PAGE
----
Ashaunta Anderson

Institutional Affiliation 
Assistant Professor of Pediatrics, UC Riverside
Professional Bio 

Ashaunta Anderson is a pediatrician who completed her undergraduate studies at Stanford University with a major in human biology and concentration in the genetics and structure of the human organism. Dr. Anderson received her medical degree from Harvard Medical School. During her medical training, she spent one year as a participant in the National Institutes of Health Clinical Research Training Program studying biomarkers of sickle cell disease. As a Schweitzer fellow, she participated in clinical and community health measures to promote child health in Lambaréné, Gabon. She then completed the Baylor College of Medicine pediatrics residency. Dr. Anderson has completed the Commonwealth Fund/Harvard University Fellowship in Minority Health Policy where she received a Master of Public Health with a concentration in family and community health. She also participated in the Robert Wood Johnson Clinical Scholars Program at UCLA where she received a Master of Science in Health Services. Presently, Dr. Anderson is Assistant Professor of Pediatrics in the Center for Healthy Communities at the University of California Riverside School of Medicine and Health Policy Researcher at RAND Corporation in Santa Monica.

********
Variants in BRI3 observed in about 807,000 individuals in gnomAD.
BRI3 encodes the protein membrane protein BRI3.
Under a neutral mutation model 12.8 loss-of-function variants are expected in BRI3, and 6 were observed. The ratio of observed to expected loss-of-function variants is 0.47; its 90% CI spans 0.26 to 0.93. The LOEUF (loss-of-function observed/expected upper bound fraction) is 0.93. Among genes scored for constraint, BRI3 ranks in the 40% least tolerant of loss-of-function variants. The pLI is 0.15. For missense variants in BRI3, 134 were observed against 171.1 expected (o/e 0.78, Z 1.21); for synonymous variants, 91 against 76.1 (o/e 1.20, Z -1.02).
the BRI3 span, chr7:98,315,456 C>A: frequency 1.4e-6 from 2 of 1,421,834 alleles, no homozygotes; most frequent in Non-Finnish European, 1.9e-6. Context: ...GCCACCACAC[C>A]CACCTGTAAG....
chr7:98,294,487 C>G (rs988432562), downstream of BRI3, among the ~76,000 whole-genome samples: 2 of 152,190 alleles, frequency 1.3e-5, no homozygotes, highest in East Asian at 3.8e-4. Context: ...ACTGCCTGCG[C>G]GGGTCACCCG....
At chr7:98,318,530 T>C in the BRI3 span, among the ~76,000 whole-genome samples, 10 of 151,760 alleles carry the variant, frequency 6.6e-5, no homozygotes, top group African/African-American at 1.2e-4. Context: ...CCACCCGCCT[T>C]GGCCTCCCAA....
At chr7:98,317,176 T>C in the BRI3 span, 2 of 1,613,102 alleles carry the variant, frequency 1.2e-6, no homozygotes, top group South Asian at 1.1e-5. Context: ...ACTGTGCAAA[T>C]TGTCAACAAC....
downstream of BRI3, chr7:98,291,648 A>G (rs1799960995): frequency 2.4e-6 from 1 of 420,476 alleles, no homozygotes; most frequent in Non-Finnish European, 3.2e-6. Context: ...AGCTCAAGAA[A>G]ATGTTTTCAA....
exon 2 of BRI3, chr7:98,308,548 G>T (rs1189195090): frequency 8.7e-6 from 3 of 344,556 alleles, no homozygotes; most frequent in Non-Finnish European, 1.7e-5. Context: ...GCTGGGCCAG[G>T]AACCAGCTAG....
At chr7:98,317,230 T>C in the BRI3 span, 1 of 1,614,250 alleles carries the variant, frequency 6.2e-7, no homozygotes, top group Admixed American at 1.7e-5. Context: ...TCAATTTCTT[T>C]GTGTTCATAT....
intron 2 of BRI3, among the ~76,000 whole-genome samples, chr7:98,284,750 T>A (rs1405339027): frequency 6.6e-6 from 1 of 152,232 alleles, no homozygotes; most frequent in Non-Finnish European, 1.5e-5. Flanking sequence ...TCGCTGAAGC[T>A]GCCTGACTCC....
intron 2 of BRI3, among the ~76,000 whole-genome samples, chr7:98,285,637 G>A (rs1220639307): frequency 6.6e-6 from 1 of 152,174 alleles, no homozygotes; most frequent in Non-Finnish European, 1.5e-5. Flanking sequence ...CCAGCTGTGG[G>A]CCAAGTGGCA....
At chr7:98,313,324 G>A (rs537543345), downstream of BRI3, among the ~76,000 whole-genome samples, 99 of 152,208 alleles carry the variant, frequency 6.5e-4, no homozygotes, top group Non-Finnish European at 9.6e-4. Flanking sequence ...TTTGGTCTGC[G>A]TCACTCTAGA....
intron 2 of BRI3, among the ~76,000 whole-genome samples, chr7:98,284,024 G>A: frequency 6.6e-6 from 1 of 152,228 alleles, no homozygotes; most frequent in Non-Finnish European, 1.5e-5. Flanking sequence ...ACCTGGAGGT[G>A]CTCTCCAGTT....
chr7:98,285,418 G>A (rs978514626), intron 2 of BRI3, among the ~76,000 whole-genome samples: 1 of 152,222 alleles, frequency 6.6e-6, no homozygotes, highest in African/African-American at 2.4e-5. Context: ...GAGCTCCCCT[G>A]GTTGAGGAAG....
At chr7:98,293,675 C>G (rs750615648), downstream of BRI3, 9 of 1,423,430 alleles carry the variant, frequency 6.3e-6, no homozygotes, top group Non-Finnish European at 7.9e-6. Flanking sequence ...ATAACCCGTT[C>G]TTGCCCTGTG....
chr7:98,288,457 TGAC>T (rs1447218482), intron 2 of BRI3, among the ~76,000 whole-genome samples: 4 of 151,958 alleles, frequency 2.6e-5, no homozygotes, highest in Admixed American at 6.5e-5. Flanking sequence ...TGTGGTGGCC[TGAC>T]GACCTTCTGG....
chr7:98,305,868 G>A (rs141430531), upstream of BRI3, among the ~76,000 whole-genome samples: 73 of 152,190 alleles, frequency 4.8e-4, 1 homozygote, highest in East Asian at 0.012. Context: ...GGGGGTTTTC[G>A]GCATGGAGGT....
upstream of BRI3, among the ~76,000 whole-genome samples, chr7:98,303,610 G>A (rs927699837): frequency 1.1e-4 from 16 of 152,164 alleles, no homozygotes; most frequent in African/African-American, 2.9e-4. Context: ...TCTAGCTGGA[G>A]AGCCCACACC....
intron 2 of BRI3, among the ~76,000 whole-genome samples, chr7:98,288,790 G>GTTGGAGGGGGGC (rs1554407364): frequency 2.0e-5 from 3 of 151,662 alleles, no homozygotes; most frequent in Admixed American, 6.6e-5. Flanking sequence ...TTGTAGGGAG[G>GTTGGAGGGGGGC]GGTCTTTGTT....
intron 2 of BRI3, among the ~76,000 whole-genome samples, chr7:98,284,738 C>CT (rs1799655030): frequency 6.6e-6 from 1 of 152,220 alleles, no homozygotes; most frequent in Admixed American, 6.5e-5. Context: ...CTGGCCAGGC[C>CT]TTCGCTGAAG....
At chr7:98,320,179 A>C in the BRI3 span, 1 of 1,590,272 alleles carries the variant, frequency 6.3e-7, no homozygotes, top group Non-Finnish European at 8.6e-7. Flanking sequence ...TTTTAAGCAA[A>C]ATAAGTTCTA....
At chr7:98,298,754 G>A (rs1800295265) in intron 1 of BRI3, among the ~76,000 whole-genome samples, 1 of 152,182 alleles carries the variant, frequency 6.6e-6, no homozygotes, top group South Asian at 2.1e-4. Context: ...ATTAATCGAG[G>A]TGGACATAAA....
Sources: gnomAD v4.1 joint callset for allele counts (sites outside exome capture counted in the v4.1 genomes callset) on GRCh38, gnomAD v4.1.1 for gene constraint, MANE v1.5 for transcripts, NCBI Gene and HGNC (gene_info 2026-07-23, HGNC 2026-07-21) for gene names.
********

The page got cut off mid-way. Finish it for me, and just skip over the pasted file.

Area of Expertise 

Racial socialization is the process by which children learn to navigate race issues. My research focuses on early racial socialization as a strategy to address the interrelated achievement gap and health disparities. During my fellowship, I was Principal Investigator of a study funded by the Robert Wood Johnson Foundation Clinical Scholars Program and the Academic Pediatric Association/Aetna Young Investigator Award. I supervised the execution of focus groups with 114 African American, Latino, and Korean parents of young children (ages 0-4 years) who confirmed the salience of racial socialization for school readiness and their willingness to participate in a parenting intervention targeting these areas. Since last year’s publication of my peer-reviewed journal article describing the focus group results, I have presented study findings on 8 occasions, including community, university, regional, national, and radio broadcast audiences. I have co-authored a related commentary in the American Academy of Pediatrics news magazine and secured funding to support a systematic review of racial socialization and health and a community-partnered approach to develop a racial socialization intervention. I am planning to develop and pilot test an early childhood racial socialization intervention that will form the basis for a career development award via the NIH K mechanism.

Workshop Locations